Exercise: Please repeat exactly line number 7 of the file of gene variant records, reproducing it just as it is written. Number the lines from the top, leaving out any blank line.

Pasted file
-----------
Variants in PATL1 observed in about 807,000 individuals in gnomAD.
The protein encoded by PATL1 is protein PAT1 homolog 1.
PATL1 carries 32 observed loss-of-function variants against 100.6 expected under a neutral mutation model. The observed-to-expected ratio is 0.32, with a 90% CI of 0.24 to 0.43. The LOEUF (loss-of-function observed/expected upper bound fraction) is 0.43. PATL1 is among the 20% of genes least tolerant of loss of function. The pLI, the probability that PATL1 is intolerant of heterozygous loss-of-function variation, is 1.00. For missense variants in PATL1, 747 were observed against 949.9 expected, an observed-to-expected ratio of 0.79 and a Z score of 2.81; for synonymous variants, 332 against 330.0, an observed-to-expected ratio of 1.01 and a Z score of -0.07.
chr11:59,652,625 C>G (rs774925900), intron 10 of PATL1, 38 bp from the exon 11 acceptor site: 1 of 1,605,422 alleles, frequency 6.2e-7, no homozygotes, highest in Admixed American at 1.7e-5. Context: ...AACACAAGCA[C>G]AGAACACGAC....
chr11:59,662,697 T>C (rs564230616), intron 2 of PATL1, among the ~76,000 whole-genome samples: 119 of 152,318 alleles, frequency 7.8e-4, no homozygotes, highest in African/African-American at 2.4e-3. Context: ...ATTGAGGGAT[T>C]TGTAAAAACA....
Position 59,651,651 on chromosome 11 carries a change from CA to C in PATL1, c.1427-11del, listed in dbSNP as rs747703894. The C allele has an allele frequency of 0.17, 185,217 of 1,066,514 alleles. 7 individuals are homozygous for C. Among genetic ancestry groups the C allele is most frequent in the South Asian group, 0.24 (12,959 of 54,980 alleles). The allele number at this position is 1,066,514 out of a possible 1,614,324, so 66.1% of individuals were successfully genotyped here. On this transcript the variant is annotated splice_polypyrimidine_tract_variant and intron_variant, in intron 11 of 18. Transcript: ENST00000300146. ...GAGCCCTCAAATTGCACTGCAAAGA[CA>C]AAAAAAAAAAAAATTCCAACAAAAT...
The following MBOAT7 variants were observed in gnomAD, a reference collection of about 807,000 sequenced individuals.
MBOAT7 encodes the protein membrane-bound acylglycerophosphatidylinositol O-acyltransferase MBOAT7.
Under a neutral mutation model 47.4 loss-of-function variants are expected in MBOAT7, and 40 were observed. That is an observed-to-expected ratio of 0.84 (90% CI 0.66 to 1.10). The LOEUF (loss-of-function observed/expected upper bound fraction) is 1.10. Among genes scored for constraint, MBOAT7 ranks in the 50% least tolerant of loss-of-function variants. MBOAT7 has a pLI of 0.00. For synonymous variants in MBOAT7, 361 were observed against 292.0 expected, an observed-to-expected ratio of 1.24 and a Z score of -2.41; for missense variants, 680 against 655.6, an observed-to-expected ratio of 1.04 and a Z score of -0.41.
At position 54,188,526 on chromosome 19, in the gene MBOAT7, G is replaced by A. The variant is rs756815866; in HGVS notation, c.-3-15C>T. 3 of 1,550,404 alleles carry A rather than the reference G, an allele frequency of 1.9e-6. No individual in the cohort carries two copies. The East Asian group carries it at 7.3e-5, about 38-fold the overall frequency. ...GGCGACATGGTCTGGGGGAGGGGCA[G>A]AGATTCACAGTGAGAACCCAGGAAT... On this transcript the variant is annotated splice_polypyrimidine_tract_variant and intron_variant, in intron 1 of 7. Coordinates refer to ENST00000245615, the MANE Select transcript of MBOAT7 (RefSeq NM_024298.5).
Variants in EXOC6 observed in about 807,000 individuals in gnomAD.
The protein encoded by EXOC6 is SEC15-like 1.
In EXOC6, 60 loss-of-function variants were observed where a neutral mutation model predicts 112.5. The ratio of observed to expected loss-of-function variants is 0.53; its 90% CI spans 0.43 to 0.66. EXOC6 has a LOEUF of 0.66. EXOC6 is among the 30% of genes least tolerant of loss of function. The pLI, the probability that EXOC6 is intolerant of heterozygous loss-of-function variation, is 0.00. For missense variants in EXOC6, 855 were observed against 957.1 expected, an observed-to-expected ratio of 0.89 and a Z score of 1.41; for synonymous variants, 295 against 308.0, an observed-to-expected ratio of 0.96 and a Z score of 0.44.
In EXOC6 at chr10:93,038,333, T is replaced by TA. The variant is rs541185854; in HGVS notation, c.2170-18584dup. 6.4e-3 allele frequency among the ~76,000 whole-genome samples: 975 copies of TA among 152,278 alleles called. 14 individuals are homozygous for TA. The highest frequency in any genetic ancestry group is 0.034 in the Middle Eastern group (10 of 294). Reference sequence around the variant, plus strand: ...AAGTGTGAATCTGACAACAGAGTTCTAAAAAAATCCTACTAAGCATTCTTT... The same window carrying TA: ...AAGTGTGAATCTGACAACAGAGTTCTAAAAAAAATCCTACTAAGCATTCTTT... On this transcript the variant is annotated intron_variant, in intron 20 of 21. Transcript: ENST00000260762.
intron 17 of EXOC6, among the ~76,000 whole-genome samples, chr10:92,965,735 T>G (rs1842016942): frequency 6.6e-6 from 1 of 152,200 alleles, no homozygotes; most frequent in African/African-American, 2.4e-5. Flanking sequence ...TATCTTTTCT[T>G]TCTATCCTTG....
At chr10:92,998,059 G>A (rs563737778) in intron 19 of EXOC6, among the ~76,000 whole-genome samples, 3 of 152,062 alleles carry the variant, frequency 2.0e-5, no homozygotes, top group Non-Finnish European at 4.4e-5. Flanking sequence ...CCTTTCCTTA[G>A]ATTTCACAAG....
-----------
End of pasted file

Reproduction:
The following MBOAT7 variants were observed in gnomAD, a reference collection of about 807,000 sequenced individuals.